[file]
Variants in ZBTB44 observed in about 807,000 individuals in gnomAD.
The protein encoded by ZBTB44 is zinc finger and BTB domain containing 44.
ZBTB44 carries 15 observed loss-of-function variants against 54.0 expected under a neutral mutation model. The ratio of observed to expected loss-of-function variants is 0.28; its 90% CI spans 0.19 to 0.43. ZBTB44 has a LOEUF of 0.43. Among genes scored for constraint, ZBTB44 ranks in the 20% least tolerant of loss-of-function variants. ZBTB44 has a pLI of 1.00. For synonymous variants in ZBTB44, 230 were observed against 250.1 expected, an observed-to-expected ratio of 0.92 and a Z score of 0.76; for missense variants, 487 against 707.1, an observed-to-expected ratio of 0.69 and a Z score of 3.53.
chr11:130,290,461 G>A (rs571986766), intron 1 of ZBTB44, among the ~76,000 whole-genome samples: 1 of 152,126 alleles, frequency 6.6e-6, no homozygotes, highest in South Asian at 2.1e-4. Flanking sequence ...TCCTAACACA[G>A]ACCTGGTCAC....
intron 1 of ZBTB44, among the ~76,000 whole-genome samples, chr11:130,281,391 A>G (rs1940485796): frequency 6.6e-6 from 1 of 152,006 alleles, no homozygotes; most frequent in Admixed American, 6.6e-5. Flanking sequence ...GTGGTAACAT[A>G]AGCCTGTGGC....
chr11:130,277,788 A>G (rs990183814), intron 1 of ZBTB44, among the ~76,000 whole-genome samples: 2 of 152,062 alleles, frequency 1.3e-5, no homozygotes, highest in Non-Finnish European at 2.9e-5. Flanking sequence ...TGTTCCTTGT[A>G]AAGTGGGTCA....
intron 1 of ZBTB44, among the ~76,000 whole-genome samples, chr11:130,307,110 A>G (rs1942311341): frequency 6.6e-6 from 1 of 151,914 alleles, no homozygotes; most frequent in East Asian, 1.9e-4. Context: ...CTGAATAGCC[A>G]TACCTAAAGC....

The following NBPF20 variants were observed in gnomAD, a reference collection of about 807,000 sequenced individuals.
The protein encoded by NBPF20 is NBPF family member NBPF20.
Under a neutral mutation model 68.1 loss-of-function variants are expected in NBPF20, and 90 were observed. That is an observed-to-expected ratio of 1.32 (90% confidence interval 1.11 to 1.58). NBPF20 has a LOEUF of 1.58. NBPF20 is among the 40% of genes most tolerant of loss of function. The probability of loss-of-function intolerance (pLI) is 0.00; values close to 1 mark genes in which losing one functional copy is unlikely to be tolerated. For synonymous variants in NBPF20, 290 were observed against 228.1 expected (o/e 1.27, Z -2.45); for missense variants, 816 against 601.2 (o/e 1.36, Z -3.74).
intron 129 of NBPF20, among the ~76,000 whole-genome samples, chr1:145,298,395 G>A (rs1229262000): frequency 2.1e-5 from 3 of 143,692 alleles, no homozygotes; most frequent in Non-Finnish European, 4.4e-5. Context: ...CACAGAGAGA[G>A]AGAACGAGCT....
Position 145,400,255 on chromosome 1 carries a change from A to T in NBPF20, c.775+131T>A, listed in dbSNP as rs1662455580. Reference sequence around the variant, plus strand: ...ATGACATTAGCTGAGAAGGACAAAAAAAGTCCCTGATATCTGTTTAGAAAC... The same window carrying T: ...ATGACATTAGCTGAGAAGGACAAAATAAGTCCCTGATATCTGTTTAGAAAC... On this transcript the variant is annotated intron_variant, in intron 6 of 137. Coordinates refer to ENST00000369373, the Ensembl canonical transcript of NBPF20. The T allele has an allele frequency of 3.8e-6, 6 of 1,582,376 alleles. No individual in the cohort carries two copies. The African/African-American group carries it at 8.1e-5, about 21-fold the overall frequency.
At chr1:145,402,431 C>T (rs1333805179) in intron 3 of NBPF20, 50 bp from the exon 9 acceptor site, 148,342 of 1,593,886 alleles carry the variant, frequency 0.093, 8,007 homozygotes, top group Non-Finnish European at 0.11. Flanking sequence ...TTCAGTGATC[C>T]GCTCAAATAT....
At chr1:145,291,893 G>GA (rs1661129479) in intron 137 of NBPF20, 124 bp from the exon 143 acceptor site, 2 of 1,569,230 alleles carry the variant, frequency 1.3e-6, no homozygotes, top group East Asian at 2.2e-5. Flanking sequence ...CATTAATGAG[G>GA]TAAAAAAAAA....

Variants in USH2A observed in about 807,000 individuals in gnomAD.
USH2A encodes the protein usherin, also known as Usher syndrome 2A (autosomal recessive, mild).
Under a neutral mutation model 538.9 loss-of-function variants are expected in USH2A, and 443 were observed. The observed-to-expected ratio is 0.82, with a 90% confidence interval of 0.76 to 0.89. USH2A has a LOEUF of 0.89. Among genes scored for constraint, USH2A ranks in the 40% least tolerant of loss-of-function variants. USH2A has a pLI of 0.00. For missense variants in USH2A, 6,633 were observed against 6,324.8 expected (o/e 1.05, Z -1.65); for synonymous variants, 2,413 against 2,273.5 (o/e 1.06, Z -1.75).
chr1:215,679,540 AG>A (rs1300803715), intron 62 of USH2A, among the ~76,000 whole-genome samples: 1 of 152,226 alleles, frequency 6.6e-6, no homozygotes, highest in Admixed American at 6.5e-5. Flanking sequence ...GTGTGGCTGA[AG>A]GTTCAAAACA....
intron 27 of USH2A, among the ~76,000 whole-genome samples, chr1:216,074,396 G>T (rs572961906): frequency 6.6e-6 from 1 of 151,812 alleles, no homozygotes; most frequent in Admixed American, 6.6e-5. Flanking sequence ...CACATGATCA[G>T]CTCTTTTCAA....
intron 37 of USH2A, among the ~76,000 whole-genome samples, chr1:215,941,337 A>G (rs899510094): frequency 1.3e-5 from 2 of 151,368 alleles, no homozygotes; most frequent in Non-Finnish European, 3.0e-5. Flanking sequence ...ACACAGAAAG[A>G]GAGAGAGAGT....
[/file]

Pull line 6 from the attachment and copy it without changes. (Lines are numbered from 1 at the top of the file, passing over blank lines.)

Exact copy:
chr11:130,277,788 A>G (rs990183814), intron 1 of ZBTB44, among the ~76,000 whole-genome samples: 2 of 152,062 alleles, frequency 1.3e-5, no homozygotes, highest in Non-Finnish European at 2.9e-5. Flanking sequence ...TGTTCCTTGT[A>G]AAGTGGGTCA....